The early morning fog was just beginning to roll away, evaporating in the presence of a breath-taking sunrise. There was no indication in the air of what transpired a week earlier. Still, the disruptive remnants of an ominous hurricane that swept through the Gulf Coast littered every square inch of Houston with debris. As hard as everyone had worked in the past week there would be no masking the massive devastation in the aftermath of Ike.
I was traveling to my church with the youth pastor to meet up with five other men in an outreach effort to help restore businesses on Galveston Island. Galveston was among several areas hit extremely hard by the hurricane personified by a three-letter man’s name; and, yes, as far as I could tell, Tina was right, Ike was exceptionally abusive.
Everyone on board the ministry van sat in an anomalous silence, decorated with calf-high rubber boots, chemical-ready gloves, bacteria masks and armed with shovels. I’m not sure if the silence was apart of the “man thing” or if it was the effect of an announcement that we might encounter dead bodies when we reached our destination. I’m sure it was just a coincidence that they waited to tell us this insignificant detail after everyone was loaded on the van and the doors were welded shut. Just kidding.
We met up with the family that we would be assisting at an exit a few miles north of Galveston. We needed their escort to get through an armed checkpoint just before the causeway to the island. This family owned a business on the island and possessed one of the cherished passes to gain entrance to the city. Business owners had priority because residents could not return to their homes without the support of local establishments that would provide food and water, clothing, gas, and other commodities.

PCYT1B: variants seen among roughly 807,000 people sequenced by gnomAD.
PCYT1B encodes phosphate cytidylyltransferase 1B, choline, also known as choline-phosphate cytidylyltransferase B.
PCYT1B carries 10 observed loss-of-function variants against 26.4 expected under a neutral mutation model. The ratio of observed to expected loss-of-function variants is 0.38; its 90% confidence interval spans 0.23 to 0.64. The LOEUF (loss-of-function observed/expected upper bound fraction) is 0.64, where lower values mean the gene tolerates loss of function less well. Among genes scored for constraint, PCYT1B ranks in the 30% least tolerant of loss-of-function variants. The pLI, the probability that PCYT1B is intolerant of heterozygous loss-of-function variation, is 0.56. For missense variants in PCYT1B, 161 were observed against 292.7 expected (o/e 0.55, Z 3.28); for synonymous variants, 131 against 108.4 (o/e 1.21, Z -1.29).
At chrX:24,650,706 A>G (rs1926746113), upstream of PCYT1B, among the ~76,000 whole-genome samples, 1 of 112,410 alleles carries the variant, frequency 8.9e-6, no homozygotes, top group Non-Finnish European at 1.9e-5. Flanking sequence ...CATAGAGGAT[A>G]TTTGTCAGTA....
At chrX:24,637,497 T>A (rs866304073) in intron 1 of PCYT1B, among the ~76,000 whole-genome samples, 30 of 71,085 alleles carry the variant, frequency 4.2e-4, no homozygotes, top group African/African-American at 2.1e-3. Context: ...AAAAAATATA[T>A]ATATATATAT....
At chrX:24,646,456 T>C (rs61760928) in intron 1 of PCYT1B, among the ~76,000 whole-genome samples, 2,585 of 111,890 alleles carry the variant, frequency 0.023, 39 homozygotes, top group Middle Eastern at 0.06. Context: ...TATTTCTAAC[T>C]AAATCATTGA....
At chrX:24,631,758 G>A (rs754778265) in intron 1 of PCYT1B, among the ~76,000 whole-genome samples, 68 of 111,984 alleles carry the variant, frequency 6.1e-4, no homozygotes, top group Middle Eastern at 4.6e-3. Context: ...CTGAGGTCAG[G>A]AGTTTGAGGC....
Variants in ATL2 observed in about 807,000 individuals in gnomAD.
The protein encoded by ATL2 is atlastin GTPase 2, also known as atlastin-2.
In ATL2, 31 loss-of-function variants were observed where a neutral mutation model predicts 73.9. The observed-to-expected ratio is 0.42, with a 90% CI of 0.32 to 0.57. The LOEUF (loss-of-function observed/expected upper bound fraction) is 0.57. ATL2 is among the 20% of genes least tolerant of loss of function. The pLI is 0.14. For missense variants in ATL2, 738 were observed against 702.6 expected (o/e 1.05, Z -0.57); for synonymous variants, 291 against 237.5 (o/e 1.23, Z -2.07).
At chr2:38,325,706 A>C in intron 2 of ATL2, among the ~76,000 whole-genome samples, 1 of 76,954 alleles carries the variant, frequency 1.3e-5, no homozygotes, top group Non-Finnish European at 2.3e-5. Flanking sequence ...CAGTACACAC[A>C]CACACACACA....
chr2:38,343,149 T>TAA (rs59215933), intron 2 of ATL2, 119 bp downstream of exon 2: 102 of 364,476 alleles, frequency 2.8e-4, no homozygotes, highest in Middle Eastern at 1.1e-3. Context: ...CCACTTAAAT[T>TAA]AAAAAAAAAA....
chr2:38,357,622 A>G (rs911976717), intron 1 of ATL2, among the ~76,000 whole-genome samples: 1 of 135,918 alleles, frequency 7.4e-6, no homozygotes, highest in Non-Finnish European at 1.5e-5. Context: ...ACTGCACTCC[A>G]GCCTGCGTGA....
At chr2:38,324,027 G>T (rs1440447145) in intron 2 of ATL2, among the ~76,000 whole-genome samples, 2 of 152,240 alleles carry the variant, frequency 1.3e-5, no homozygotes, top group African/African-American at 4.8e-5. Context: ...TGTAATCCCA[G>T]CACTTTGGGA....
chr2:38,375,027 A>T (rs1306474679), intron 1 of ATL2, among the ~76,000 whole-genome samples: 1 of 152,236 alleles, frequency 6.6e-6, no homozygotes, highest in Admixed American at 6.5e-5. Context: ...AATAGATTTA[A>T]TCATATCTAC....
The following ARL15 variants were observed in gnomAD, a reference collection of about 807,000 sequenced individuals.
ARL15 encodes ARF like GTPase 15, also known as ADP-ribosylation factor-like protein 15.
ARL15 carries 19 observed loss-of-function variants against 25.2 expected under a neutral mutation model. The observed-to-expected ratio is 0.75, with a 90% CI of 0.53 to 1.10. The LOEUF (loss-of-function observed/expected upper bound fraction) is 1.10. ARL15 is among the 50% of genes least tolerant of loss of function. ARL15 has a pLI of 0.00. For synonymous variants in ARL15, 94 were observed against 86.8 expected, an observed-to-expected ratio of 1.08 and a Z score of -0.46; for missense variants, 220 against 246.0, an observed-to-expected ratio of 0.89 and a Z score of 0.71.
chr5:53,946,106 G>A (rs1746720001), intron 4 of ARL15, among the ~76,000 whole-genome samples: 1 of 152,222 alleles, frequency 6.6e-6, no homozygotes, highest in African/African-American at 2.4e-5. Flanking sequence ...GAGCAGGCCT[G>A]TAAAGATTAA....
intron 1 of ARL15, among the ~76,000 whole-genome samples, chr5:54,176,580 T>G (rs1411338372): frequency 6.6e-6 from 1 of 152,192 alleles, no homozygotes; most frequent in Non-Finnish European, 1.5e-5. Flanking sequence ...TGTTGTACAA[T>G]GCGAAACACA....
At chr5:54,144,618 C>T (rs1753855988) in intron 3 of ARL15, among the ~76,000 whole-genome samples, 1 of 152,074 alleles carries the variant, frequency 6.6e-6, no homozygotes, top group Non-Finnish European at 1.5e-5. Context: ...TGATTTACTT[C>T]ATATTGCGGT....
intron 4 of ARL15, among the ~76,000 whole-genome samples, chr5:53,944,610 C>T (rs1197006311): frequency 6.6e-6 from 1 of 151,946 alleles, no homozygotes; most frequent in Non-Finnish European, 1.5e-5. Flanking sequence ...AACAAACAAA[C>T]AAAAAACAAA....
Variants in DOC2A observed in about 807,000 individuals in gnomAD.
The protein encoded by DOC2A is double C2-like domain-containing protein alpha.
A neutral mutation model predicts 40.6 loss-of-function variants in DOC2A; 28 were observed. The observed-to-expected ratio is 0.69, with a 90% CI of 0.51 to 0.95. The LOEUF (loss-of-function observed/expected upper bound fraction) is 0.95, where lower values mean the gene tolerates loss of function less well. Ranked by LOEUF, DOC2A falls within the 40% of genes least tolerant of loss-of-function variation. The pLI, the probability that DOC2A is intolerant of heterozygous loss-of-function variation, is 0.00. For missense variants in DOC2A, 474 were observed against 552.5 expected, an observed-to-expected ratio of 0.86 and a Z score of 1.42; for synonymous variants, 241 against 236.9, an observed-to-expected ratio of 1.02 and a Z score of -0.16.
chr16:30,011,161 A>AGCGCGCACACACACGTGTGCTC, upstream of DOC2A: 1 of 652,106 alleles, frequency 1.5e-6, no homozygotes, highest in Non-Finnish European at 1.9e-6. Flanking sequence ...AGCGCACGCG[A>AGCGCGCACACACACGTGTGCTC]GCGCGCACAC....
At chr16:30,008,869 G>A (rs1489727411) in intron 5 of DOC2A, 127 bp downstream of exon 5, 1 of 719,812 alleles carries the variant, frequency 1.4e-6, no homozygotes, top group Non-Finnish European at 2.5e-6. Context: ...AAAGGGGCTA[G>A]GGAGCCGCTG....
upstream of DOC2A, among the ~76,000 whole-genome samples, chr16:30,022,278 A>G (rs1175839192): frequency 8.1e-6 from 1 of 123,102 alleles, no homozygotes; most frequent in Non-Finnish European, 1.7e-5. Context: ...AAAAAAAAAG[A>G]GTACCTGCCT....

While we waited to get through the checkpoint everyone noticed the uninviting pile of rubbish and waste that lined both sides of one of the busiest freeways in Texas. It appeared as though some type of bulldozer had pushed the mass of boats, refrigerators, furniture, roofs and anything else a person could think of to the side of the road. People’s lives were literally displaced and displayed for the whole world to view. The day after the storm the news media captured aerial photos of this same locale and it was entirely impassable. It looked like a scene from one of those old World War II movies—only in color. In fact, if this island were one of the hottest vacation spots in Texas no one could tell. This place looked more like…well just fill in the blank.
There was a point in the awkward silence when every man probably reminisced the festive times with family and friends at this famous tourist destination. Now the memories were swallowed up by the obvious resemblance of some type of war zone—and let me tell you, the people of Galveston had lost this battle, but you couldn’t tell the residents this fact, nor that the war had ended. They were still fighting with unfeigned vigor to save their beloved city. The tears never surfaced but converged into strength to complete an undefined mission—and, of course, there was no use for more water, if even in the form of tears.
Upon entering the downtown district it looked like the lost city of Atlantis—drained and dry. Only a few vehicles were on the streets and more than half were military humvees and convoys of city officials assessing damage. Several times every hour military and civilian helicopters flew over the saturated area looking for only God knows what—I think we can use our imagination. Several “Disaster Recovery Teams,” and I use that term loosely, from just about every government agency, insurance company, and even ministry were spotted taking scenic site-seeing tours throughout the crippled city. Everyone proudly displayed their name with 1-hour photo magnets on the sides of their vehicles, but few displayed a genuine compassion for the hurting residents. Even fewer displayed this compassion without putting the name of their organization up in lights!